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An L.A. Sansei's Misadventures in South America

Coffee on the Amazon

I'm in the middle of Pará state, about three hours from the large city of Belém on a dirt road three hours from a small village called Tomé Açu.

Tomé Açu was one of several Japanese farming colonies in the state that started with the arrival of 43 Japanese families in 1929. This farming community would emerge successfully through the cultivation of pepper. The fortunes of the community would also decline as the pepper plant fell victim to a fungus that destroyed the crops.

This three-hour midway point between Belém and Tomé Açu is the break in an arduous overland bus trip. It's on a road marked by potholes, wild pigs, donkeys and people - all part of an Amazonian obstacle course you must take to get to where you're going. We are sitting at a river crossing, a tributary of the Amazon River that must be crossed by barge. Cars, buses, trucks and people are all loaded on the barge at one-and-a-half-hour intervals. The crossing would take 35 minutes.

On each bank of this crossing are shanty towns. The people make their living plying their wares to travelers going back and forth on this road. This morning, the stop at the river crossing is a good chance to stretch our legs by stepping off the bus and looking around. Of course, as soon as that happens, one becomes aware of certain biological necessities. Several members of my team approached me quietly with a request, and I was off in search of a sanitário or restroom.

Remember. This is a shantytown in the middle of the Amazon rainforest. There isn't a Denny’s, McDonalds or Chevron to be found! It's also about 6 o'clock in the morning! I walked up the street looking for the best restroom prospect. There was a lean-to on the river bank that extended out over the water. There was a woman in front running a little lanchonette (a snack shack).

I politely inquired if there was a restroom in the back that I could use. She motioned toward the back of the shack. I went back and found three closed doors. I was reminded of Monty Hall and could hear him say "Let's Make a Deal," as I looked behind doors number 1, number 2 and number 3.

Door number 1 was an empty room. No sign of a toilet. Behind door number 2 was a room with mops and brooms. Behind door number 3 were various cans and containers. That was puzzling. I went back to the front to inquire again. She indicated that I should look behind what would be door number 1: the empty room.

I was obviously expecting to see a certain piece of porcelain that didn't exist in this particular riverside shack. I went back to door number 1 and upon opening the door, still found an empty room, but this time noticed that the wooden planks on the floor had about an inch of separation between them. Looking through the spaces in the planking, I could see the river about 10 feet below. I also noticed that the door had a little locking device inside.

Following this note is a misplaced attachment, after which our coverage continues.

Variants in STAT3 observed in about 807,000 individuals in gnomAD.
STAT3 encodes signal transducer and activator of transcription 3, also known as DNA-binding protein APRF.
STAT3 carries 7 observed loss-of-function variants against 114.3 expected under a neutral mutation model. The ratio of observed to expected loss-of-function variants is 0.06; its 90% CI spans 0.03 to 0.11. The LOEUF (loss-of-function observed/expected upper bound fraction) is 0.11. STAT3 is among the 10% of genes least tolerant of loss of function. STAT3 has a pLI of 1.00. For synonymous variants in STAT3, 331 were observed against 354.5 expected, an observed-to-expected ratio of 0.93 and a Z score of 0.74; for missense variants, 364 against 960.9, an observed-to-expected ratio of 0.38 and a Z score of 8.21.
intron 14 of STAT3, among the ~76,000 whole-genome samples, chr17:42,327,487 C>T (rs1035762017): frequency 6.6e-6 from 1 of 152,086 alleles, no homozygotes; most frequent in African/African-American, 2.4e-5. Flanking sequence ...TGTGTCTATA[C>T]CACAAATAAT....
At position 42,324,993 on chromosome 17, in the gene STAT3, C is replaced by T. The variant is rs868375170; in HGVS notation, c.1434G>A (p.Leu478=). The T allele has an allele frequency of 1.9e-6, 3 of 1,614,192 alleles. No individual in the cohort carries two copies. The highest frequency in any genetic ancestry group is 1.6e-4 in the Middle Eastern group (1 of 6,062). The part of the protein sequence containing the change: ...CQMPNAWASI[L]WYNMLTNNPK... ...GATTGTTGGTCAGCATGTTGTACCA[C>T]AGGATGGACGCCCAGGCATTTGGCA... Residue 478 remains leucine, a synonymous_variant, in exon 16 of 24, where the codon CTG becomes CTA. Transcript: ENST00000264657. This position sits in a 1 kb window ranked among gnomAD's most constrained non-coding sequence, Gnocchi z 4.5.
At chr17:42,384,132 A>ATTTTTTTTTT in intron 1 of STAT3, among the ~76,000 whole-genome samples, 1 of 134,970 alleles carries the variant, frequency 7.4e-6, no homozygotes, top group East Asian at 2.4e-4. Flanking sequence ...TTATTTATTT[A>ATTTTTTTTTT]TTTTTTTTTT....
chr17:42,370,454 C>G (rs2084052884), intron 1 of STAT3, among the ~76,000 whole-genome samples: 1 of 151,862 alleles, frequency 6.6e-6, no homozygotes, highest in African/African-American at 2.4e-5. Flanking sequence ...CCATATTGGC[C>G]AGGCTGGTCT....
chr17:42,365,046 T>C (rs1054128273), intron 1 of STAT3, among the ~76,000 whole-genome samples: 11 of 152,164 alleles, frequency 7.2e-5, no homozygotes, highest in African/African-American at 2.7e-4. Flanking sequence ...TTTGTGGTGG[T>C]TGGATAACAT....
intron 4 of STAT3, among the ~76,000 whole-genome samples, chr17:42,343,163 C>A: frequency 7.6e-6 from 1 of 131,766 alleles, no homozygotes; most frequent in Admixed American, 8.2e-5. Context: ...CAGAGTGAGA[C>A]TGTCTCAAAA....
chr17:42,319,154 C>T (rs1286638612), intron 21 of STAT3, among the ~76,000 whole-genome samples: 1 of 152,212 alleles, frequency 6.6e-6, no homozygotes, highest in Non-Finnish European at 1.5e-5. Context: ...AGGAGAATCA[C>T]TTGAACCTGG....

This was it! This was the restroom! An empty room with loosely arranged wooden planking to allow whatever needed to come out to go through and drop into the waters of the Amazon below! I was the first to test it out and noticed that there were little crabs scuttling against the wall, along the floor boards. Great! But I have to say, crabs are better than roaches any day!

I went back to tell the team members what they should expect to find and that it was their only option. What great troupers! One by one they entered door number 1. I knew entering that room would require courage and strong quadriceps.

I waited out front as about seven of my team members went in and out. As an expression of appreciation to the snack shack owner, I ordered five coffees with milk. The café com leite is a typical part of a Brazilian breakfast. I invited the team members to sit with me and enjoy a coffee before getting on the bus. Each one looked over the situation and decided that they didn't need coffee at that moment. Well, I LOVE café com leite, so I drank about three cups of coffee, thanked the owner and got on the bus.

Once settled on the bus, my teammates asked the question, "John, where did the lady get the water to make the coffee?"

There wasn’t any running or bottled water, so the only answer had to be that she lowered a bucket into the river and pulled up her water! That same water to which we had generously contributed that morning!

Gag! I realized, of course, that they were right. I comforted myself by thinking that at least she boiled the water. You know, I didn't ever get sick from those three cups of coffee. But I should also mention that the Red Cross recently rejected me when I presented myself for a blood donation. When they found out I had been in Brazil, and on the Amazon, they politely declined my offer. Makes me think again about that coffee and that little riverside shanty.

© John Katagi

adventures Brazil sansei south america tomé açu travel

About this series

John Katagi is a former staff member of the Japanese American National Museum. He shares memories from almost two decades of travel to South America. His experiences result from study and observation as part of the directorial staff of JEMS, a cross-cultural agency based in Los Angeles.